Getting lads to write and read creatively

20 February 2013
By Michael Crowley
I’ve been writer in residence at HM Lancaster Farms’ young offender institution in the UK since 2007 through the Writers in Prison Foundation. I came across Arts Access Aotearoa during one of my web searches of arts work in prisons.

Mike CrowleyThe Farms, as we call it, holds around 500 young prisoners (lads as we call them) between the ages of 18 and 21. Although young offender institutions are not categorised, it’s essentially a category A jail – ranging from lads experiencing custody for the first time to prolific offenders serving life sentences.

So what’s my job? In brief, I get lads to write and to read creatively. This can be in any form: memoir, poetry, fiction or drama. And it can be for a number of reasons: for therapy; to improve literacy; to think about their offending or drug and alcohol use; or simply for the pleasure that creativity brings.

Creative writing anthologies

I produce regular creative writing anthologies in the jail and I’ve brought in actors to perform drama written by lads. We’ve also recorded work for National Prison Radio.

Prisoners' published writingPublicising the lads’ work is important because in part you are trying to change the atmosphere in the jail; to undercut the pro-criminal ethos with one that is characterised by an imaginative sensibility. It’s also a way to attract new recruits to the writing classes.

Some lads will come to me with pieces already completed. Most will have drafts while others will have just an idea. Over the years I’ve developed, pillaged and adapted writing exercises to help participants quarry a memory or shape an experience or story idea.

I began to do this when I was a restorative justice worker in a youth justice team as a necessary way of preparing children who’d been asked by the court to meet victims. Writing about the offence helped them articulate their own feelings but also those of the person who had been harmed.

Poem by Dominic

Often I didn’t start with the offence but with some other part of their life, or a fictional story. For example, this poem by Dominic.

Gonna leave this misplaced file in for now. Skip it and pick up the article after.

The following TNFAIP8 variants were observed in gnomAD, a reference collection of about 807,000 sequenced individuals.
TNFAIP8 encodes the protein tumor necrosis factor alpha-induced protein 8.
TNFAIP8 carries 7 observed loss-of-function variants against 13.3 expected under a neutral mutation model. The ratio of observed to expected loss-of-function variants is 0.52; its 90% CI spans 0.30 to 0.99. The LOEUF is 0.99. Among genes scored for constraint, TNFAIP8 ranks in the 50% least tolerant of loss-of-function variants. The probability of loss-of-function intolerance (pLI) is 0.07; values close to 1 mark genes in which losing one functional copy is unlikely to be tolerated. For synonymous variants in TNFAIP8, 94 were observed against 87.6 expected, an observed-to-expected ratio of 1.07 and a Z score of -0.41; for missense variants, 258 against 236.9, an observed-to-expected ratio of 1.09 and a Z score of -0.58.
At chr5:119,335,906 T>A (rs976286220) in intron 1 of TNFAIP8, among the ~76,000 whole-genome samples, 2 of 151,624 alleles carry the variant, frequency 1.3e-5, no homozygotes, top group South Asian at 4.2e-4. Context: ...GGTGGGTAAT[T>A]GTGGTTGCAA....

The Last Goodbye

I remember the taste of slimy whelks
my Granny’s caravan at Coney Island,
my hand piercing through the little
milk bottle tops as I picked it out of its shell,
my father’s hand turning silver trout in the frying pan.
We would go for walks
carrying me on his shoulders
my hands around his warm forehead.

I remember smoke and beer
the front room a cloud of smoke surrounding him
the tips of his fingers brownish yellowish.
I sanded a board of wood once
brought it home to show him.

I remember sitting across from the sombre priest.
His voice was quiet, a low hush, serious, concerned.
I knew the news was coming but when it did
the un-realness, the loneliness, the shock.

The piece above is by a lad at the Farms who lost his father while he was in custody. He approached me to help him write something in memory of his father and one of the things he did was an exercise based on the senses. So, for example:

• Sounds: His voice was quiet but serious, clear and concerning.
• Taste: Eating slimy whelks at my Grannie’s caravan at Coney Island.

An extract from Tom's Life

Another approach is to get them writing a “dualogue” over time between a past self and someone they might be now or in the future. So, for example, an extract from Tom’s Life:

I will carry on doing what I’m doing now.
You can get a job. It won’t be a good job.
Working in a shoe factory or making socks. It’s a job.

I live with my mum and that’s it. I don’t even respect her.
I got two letters off her on Saturday.

My dad threw me across the room.
He won’t be able to do that now.

I buzz off my area because we kick off every day and fight every day.
It’s a bad area to grow up in. When I get out, I’m moving away.

The culmination of my work to date in this area is Behind the Lines: creative writing with offenders and those at risk, published by Waterside Press. It’s a handbook designed as a companion to the excellent Geese Theatre Handbook with more than 80 writing and discussion exercises. It’s useful for teachers, probation officers and other writers – anyone trying to effect change, develop articulacy and insight.

Read our interview with Michael Crowley. 


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